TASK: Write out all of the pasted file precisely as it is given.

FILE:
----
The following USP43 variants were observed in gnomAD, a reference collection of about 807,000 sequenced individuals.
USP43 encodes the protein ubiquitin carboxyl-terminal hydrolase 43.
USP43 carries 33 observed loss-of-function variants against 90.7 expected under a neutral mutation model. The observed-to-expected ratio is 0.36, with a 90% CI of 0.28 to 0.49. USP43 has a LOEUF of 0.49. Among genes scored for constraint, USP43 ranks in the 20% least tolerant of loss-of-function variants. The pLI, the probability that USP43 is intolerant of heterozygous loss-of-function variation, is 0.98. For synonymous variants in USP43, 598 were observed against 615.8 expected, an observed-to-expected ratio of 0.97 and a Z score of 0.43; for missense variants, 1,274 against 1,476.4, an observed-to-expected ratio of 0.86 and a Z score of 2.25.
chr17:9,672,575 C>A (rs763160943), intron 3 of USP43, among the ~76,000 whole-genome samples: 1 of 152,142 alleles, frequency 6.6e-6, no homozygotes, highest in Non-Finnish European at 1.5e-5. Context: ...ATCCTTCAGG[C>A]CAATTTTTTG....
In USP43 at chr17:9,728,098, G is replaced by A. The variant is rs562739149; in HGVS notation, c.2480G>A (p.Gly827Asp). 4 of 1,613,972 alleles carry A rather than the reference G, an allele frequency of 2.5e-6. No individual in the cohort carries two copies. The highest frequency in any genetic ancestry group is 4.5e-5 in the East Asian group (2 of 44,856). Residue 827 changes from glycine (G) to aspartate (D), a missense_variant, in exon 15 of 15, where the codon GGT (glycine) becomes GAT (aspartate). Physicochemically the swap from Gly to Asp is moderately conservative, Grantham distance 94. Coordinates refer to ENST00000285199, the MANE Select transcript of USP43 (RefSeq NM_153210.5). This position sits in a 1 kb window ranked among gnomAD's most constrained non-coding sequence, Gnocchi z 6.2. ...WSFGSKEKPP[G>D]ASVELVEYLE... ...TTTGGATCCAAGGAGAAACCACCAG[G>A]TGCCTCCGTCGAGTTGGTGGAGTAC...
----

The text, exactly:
The following USP43 variants were observed in gnomAD, a reference collection of about 807,000 sequenced individuals.
USP43 encodes the protein ubiquitin carboxyl-terminal hydrolase 43.
USP43 carries 33 observed loss-of-function variants against 90.7 expected under a neutral mutation model. The observed-to-expected ratio is 0.36, with a 90% CI of 0.28 to 0.49. USP43 has a LOEUF of 0.49. Among genes scored for constraint, USP43 ranks in the 20% least tolerant of loss-of-function variants. The pLI, the probability that USP43 is intolerant of heterozygous loss-of-function variation, is 0.98. For synonymous variants in USP43, 598 were observed against 615.8 expected, an observed-to-expected ratio of 0.97 and a Z score of 0.43; for missense variants, 1,274 against 1,476.4, an observed-to-expected ratio of 0.86 and a Z score of 2.25.
chr17:9,672,575 C>A (rs763160943), intron 3 of USP43, among the ~76,000 whole-genome samples: 1 of 152,142 alleles, frequency 6.6e-6, no homozygotes, highest in Non-Finnish European at 1.5e-5. Context: ...ATCCTTCAGG[C>A]CAATTTTTTG....
In USP43 at chr17:9,728,098, G is replaced by A. The variant is rs562739149; in HGVS notation, c.2480G>A (p.Gly827Asp). 4 of 1,613,972 alleles carry A rather than the reference G, an allele frequency of 2.5e-6. No individual in the cohort carries two copies. The highest frequency in any genetic ancestry group is 4.5e-5 in the East Asian group (2 of 44,856). Residue 827 changes from glycine (G) to aspartate (D), a missense_variant, in exon 15 of 15, where the codon GGT (glycine) becomes GAT (aspartate). Physicochemically the swap from Gly to Asp is moderately conservative, Grantham distance 94. Coordinates refer to ENST00000285199, the MANE Select transcript of USP43 (RefSeq NM_153210.5). This position sits in a 1 kb window ranked among gnomAD's most constrained non-coding sequence, Gnocchi z 6.2. ...WSFGSKEKPP[G>D]ASVELVEYLE... ...TTTGGATCCAAGGAGAAACCACCAG[G>A]TGCCTCCGTCGAGTTGGTGGAGTAC...